Johnson sees Napoleon as a monumental but ultimately tragic figure, dragged down by his overwhelming aggression and ambition, a force of destruction and upheaval rather than creation. An opportunist for opportunity’s sake.

Perhaps that is the central lesson of Napoleon’s life, who was a brilliant battlefield strategist but miserable politician and statesmen. In fact, this point was made best by Johnson himself, in the final paragraph of this book:

The great evils of Bonapartism–the deification of force and war, the all-powerful centralized state, the use of cultural propaganda to apotheosize the autocrat, the marshaling of entire peoples in the pursuit of personal and ideological power–came to hateful maturity only in the twentieth century, which will go down in history as the Age of Infamy. It is well to remember the truth about the man whose example gave rise to all, to strip away the myth and reveal the reality. We have to learn again the central lesson of history: that all forms of greatness, military and administrative, nation and empire building, are as nothing–indeed are perilous in the extreme–without a humble and contrite heart.

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“Columbine” by David Cullen



National polls taken shortly after the attack would identify all sorts of culprits contributing to the tragedy: violent movies, video games, Goth culture, lax gun laws, bullies, and Satan. Eric did not make the list. Dylan didn’t either. They were just kids. Something or someone must have led them astray.

The frightening part of this book is that it offers no scapegoat, no easy answer. The closest thing it offers is in the psychological profiles of the two perpetrators, Eric Harris and Dylan Klebold: that Eric was a psychopathic and Dylan was majorly depressed. And “an angry, erratic depressive and a sadistic psychopath make a combustible pair.”

Insanity was marked by mental confusion. Eric Harris expressed cold, rational calculation. Fuselier ticked off Eric’s personality traits: charming callous, cunning, manipulative, comically grandiose, and egocentric, with an appalling failure of empathy. It was like reciting the Psychopathy Checklist.

The closest thing I came to any sort of conclusion while reading this was when I was watching a documentary of the JFK assassination and some perceptive videographer captured this image from the movie poster of the film Lee Harvey Oswald was watching at the Texas Theatre when he was captured, War is Hell:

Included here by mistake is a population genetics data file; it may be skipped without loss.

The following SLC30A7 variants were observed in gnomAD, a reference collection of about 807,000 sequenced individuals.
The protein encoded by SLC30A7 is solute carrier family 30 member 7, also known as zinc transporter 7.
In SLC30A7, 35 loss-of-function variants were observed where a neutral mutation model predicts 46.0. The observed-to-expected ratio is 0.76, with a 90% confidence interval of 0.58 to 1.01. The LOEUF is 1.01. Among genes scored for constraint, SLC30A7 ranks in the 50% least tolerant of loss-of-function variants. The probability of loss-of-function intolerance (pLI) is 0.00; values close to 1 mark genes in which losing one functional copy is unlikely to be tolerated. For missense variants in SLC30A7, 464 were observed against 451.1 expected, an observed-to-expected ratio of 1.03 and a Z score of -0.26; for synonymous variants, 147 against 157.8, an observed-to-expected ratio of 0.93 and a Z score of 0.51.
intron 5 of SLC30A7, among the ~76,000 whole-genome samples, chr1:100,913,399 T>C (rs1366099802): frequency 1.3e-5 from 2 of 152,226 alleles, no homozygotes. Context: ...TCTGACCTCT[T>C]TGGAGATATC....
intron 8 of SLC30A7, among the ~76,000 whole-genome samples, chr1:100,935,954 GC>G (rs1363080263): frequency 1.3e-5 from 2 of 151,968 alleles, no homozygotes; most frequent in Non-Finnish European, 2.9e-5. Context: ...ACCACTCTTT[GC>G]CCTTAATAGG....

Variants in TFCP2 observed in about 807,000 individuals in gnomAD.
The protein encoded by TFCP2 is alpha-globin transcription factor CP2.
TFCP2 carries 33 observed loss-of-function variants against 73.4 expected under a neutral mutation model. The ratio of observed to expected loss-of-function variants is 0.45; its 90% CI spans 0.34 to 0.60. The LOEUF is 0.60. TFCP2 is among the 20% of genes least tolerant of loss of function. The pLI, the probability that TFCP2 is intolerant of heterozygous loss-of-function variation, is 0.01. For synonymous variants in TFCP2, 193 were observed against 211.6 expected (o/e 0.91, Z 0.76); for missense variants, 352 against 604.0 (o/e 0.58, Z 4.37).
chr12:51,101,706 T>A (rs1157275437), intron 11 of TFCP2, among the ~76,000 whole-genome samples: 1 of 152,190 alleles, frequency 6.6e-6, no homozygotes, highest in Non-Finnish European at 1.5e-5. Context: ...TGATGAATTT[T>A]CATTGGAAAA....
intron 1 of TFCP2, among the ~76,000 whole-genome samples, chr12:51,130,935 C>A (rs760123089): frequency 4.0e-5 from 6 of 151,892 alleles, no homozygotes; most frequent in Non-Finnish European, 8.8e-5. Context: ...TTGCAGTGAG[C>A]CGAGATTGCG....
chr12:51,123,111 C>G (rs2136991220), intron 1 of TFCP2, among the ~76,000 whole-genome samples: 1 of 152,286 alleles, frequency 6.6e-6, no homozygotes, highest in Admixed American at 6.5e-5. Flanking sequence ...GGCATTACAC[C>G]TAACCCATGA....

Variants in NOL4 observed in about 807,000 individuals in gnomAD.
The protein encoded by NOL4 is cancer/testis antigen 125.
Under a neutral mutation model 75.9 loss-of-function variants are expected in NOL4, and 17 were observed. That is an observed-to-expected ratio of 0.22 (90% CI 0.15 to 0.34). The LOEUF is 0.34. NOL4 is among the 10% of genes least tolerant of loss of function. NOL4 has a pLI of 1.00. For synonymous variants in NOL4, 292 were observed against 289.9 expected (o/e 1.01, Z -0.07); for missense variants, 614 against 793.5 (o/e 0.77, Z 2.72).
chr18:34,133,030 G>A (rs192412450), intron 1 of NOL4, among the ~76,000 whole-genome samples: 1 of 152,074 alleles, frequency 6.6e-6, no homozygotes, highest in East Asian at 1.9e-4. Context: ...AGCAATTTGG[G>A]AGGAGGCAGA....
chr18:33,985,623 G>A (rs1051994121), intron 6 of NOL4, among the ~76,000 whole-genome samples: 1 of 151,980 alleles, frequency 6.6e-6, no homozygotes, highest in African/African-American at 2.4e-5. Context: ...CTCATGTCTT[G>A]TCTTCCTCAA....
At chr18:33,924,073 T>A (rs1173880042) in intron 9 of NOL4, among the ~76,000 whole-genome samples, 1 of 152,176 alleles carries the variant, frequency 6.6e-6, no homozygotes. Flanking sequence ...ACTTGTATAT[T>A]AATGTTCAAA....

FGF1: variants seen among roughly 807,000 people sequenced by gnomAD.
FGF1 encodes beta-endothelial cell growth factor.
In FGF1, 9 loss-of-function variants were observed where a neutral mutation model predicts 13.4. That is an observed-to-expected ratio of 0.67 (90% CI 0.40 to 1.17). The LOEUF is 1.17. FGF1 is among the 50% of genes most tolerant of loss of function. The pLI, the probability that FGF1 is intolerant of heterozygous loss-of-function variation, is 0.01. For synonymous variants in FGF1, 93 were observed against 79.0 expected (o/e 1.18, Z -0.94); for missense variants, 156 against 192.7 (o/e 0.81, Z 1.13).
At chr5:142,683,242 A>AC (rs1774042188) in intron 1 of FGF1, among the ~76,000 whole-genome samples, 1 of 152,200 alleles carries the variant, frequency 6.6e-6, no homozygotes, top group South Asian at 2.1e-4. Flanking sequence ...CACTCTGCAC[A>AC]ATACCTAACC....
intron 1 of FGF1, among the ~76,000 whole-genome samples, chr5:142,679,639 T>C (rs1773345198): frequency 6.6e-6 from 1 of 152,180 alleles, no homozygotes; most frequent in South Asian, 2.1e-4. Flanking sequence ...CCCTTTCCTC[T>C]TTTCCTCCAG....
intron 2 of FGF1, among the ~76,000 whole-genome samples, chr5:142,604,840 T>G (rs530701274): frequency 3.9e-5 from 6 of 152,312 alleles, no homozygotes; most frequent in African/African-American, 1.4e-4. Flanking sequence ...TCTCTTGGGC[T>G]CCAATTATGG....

“There are some things that only the people that do them understand.”

As chilling as that sentiment is, this book is a well-crafted snapshot of the late 90s. David Cullen approaches this delicate subject with nuance and respect. Along with 9/11, I consider this travesty to be one of the defining mass events of my adolescence. Harrowing, but necessary, reading.

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“The End of Power” by Moisés Naím


The three revolutionary changes that define our time are as follows: the More revolution, which is characterized by increases in everything from the number of countries to population size, standards of living, literacy rates, and quantity of products on the market; the Mobility revolution, which has set people, goods, money, ideas, and values moving at hitherto unimagined rates toward every corner of the planet (including those that were once remote and inaccessible); and the Mentality revolution, which reflects the major changes in mindsets, expectations, and aspirations that have accompanied these shifts.


Moisés Naím is convinced that being in charge is more difficult, less rewarding, and easier to fall out of than ever before in history. While technology is an obvious scapegoat for this, Naím proves that at its core this phenomena is rooted in the fact that “we are far more numerous on the planet; we live longer; we are in better health; we are more literate and educated; an unprecedented number of us are less desperate for food and have more time and money for other pursuits; and when we are not satisfied with our present location, it is now easier and cheaper than ever to move and try somewhere else.”

This book is an exploration of why people in power are having a more difficult time than ever exercising their authority. His anecdotes and quotes are convincing, and he makes his point from an exhaustive number of angles. Just take it from Bill Clinton’s quote on the cover: “The End of Power will change the way you read the news, the way you think about politics, and the way you look at the world.”

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The Compassionate Wisdom of Eric Hoffer


Here are some words that struck me, from Eric Hoffer’s collection of short essays In Our Time:

“In the alchemy of man’s soul almost all noble attributes—courage, honor, love, hope, faith, duty, loyalty—can be transmuted into ruthlessness. Compassion also stands apart from the continuous traffic between good and evil within us. Compassion is the antitoxin of the soul: Where there is compassion even the most poisonous impulses remain relatively harmless.